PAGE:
Two very recent studies -one published on 17 April in the scientific journal Acta Paediatrica and entitled A systematic review of hormone treatment for children with gender dysphoria and recommendations for researchthe other made public on 14 April by Current Sexual Health Reports, title Current Concerns About Gender-Affirming Therapy in Adolescents- focus on pharmacological and surgical 'therapies' for girls and boys with gender non-conforming behaviour -recourse to puberty blockers, sex-cross hormones and scalpels-.
Here is conclusions of the two studies:
Acta PaediatricaSystematic review of almost 10000 abstracts suggests that the long-term effects of hormone therapy on the physical and psycho-social health of children are currently unknown except that treatment with GnRha (Gonadotropin-releasing hormone analogues) appears to delay bone maturation and increased bone mineral density'.
In essence, in the absence of scientifically validated studies the treatment of minors with puberty blockers and sex-cross hormones is entirely experimental because their effects, other than their proven effects on bone mineralisation, are unknown. These therapies are therefore prescribed in the absence of scientific support and trials proving their effectiveness: which from a medical point of view is absolutely unethical. One should therefore discontinue the administration of said drugs until there are studies that rigorously verify the benefits.
Current Sexual Health Reports"Meeting the diagnostic criteria for gender dysphoria (DSM) or gender incongruence (ICD) in children or adolescents today does not predict its persistence in the future. Doctors may be wrong in their assumptions about the causes, persistence and future trajectory of gender dysphoria in adolescents. The rapid increase in the number of young people with gender dysphoria treated with hormones and surgery and the delayed onset of 'repentance' (the reference is to detransitioners, ed.) mean that the extent of possible iatrogenic damage will not be known for several years.
Evidence of the effectiveness of such confirmatory interventions is scarce and of very low quality. While the evidence of benefits is highly uncertain, the damage to sexual and reproductive functions are certain, while there are many uncertainties about long-term health effects. Consequently, it is It is difficult to ethically justify continuing to use hormones and surgery as the first-line 'treatment' for young gender dysphorics.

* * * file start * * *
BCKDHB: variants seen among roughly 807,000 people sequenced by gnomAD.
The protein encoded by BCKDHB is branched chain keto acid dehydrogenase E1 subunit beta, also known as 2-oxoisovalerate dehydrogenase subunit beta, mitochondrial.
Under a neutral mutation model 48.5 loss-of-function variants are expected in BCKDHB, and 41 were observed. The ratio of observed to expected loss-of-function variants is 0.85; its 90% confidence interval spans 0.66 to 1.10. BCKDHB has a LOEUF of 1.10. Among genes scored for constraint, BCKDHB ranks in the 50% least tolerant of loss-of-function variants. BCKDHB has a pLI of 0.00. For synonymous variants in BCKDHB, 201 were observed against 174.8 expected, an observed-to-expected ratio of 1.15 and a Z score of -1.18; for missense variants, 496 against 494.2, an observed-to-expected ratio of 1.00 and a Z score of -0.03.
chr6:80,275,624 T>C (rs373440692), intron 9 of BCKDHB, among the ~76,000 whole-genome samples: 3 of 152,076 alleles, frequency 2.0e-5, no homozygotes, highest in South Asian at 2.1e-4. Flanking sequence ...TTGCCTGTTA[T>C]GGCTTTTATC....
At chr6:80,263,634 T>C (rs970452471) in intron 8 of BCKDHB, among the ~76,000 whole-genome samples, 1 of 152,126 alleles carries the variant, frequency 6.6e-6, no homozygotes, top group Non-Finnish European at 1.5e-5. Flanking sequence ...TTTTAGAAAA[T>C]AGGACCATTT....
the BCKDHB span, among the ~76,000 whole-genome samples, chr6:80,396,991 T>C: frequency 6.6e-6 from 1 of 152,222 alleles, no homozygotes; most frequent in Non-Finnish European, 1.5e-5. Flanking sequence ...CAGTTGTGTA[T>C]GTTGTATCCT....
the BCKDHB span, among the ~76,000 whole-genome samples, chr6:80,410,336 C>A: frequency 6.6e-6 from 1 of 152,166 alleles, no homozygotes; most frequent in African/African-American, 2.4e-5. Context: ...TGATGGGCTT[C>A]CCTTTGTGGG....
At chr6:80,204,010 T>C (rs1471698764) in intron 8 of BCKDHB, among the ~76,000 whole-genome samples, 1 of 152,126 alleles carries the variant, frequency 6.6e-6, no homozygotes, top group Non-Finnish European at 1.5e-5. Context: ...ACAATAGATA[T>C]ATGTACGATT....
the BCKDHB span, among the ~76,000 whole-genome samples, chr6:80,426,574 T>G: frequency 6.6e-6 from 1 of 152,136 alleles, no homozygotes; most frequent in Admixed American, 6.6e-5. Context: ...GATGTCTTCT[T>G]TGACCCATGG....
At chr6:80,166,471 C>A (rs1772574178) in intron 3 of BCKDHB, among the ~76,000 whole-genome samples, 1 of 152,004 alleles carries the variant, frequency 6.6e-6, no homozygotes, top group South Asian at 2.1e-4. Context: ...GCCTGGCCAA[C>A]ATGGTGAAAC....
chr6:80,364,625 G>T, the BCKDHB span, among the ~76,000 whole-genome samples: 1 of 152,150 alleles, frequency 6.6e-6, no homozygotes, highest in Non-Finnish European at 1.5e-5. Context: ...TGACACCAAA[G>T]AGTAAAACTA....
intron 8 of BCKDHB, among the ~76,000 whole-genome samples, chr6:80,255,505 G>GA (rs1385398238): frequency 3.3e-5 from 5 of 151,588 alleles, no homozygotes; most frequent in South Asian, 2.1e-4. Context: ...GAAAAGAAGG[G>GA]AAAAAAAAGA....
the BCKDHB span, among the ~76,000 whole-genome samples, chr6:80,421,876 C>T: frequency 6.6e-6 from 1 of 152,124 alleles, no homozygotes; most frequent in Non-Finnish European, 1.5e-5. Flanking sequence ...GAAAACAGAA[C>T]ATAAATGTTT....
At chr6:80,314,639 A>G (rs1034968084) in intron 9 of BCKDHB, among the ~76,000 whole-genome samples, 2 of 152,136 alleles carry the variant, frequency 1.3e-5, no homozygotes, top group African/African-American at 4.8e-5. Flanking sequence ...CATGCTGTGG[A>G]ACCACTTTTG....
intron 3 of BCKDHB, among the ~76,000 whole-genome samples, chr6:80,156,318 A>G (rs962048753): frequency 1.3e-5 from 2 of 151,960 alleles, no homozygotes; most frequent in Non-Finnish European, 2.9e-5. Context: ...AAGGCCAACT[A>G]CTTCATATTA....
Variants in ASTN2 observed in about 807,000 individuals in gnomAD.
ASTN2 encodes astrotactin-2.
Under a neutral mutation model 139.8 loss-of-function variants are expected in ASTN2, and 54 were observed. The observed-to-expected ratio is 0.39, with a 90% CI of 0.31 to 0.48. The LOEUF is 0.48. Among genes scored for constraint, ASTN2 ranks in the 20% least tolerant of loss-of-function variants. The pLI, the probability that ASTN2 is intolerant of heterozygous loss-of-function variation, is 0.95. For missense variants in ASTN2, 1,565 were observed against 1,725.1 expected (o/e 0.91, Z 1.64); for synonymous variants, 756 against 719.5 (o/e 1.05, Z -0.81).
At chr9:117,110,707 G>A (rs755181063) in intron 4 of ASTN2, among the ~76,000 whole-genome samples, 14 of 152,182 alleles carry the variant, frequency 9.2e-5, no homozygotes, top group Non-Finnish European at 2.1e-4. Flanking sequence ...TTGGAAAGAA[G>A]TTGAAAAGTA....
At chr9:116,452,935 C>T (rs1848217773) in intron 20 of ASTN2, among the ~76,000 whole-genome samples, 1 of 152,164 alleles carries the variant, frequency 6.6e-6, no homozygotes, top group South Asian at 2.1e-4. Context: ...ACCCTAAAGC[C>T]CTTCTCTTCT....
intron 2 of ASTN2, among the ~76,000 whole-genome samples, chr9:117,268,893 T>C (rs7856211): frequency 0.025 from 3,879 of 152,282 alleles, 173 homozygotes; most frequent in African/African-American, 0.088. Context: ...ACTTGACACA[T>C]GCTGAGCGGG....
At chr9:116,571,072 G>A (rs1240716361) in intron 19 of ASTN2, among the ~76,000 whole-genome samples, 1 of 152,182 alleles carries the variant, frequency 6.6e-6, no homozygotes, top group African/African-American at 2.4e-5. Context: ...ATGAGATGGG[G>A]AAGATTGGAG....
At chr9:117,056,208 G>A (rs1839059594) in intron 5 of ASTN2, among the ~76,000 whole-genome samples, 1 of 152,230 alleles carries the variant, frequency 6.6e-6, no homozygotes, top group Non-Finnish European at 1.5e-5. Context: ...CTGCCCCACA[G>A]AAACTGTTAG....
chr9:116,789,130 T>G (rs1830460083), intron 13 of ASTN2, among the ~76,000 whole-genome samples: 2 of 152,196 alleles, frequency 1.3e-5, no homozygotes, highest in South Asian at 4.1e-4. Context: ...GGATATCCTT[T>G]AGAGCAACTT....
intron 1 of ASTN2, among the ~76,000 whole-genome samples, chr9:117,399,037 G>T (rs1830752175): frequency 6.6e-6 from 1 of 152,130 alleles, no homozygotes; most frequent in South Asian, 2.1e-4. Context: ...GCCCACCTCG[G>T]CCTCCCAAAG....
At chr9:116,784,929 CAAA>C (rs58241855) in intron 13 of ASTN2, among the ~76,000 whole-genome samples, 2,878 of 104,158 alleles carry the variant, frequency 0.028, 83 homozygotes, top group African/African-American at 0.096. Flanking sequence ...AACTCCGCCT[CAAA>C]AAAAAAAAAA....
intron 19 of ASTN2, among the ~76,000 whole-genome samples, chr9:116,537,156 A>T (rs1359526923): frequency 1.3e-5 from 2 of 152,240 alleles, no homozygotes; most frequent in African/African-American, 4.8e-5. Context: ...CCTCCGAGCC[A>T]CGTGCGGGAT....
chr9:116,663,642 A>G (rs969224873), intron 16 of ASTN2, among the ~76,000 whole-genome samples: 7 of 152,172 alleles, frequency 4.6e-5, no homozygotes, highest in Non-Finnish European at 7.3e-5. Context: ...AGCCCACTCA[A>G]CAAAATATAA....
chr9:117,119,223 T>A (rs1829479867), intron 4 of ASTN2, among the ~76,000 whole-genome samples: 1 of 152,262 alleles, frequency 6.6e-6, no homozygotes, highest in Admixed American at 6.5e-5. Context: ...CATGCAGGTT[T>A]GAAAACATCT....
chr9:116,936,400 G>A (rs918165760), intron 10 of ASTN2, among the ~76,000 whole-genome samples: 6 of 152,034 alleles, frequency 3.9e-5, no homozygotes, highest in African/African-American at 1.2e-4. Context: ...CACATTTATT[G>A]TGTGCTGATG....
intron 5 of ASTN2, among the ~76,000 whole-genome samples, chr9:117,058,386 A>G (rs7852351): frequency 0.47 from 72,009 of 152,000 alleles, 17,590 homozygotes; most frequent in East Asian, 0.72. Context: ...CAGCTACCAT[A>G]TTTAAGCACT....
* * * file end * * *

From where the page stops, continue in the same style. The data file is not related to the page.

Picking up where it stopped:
Political arguments based on social justice, civil rights and freedom of expression are convincing and powerful in the public arena. Few mental health professionals would argue against these vital human rights. However, they tend to complicate clinicians' considerations of how to respond to gender dysphoric adolescents and their families.
Parents want to know: "Where does this identity come from?". "What about my child's previous difficulties?" and again, "Will the transition give my child the best chance of a happy and fulfilling life?" Clinicians are ethically bound to honestly represent the uncertainty of the current state of knowledge instead of claiming that body modification is the best, safest and most effective treatment. When a concerned family comes to us they are looking for our science, not our political ideas and beliefs'.
In the UK, Sweden, Finland, Norway, Australia and several US states, even in the Netherlands where the 'affirmative protocol' was invented, the pharmacological approach has long been the focus of serious concern and the debate is well advanced. In Italy, where these 'therapies' are regularly in use, one cannot even know the number of minors in treatment while the social pressure on the adolescents is very strong, in particular the drive to read 'fabulously' as gender dysphoria every psychological disorder, as evidenced by the over-mobilisation of schools to introduce the so-called "career alias". And with few exceptions, the medical profession gives in to the fear of being accused of transphobia.
These important new studies demonstrate the urgent need to open a discussion in the medical profession involving the entire public. It is no longer possible to wait.